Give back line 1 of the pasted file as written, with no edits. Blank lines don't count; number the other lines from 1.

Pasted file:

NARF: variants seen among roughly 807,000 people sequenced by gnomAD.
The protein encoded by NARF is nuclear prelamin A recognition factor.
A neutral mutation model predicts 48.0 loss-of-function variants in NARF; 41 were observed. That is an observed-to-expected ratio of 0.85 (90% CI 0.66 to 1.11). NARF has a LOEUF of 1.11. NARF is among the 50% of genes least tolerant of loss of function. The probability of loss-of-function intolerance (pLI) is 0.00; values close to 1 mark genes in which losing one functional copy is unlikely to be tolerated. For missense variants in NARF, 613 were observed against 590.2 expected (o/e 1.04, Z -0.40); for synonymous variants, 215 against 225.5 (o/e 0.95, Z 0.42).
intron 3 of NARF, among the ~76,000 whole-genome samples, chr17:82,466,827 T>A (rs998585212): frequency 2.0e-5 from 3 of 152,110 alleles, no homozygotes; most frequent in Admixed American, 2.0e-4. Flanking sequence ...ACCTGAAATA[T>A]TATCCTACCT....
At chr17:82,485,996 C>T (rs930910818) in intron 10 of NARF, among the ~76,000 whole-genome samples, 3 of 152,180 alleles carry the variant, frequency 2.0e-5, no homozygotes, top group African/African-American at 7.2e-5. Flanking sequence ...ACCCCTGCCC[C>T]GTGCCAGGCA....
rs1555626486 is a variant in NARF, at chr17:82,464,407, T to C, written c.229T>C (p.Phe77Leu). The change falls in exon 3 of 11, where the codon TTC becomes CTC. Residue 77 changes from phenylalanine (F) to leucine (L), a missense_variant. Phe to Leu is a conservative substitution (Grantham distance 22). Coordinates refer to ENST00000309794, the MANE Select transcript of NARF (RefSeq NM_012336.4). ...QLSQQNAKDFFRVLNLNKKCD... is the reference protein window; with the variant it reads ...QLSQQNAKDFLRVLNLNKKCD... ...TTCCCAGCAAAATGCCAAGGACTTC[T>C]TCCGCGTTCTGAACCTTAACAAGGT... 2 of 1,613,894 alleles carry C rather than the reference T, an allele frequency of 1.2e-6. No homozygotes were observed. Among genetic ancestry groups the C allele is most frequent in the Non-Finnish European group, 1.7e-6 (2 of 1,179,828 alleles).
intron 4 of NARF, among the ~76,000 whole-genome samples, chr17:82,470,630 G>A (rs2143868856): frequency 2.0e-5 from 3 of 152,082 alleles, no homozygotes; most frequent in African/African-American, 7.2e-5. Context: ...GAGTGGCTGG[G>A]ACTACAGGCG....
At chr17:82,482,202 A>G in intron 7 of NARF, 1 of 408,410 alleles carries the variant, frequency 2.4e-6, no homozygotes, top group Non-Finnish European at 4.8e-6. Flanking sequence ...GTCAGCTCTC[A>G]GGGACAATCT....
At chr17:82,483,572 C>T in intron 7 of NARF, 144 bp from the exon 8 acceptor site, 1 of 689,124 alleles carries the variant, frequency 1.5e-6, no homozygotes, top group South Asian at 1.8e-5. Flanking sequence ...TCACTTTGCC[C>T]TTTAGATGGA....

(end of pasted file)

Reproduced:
NARF: variants seen among roughly 807,000 people sequenced by gnomAD.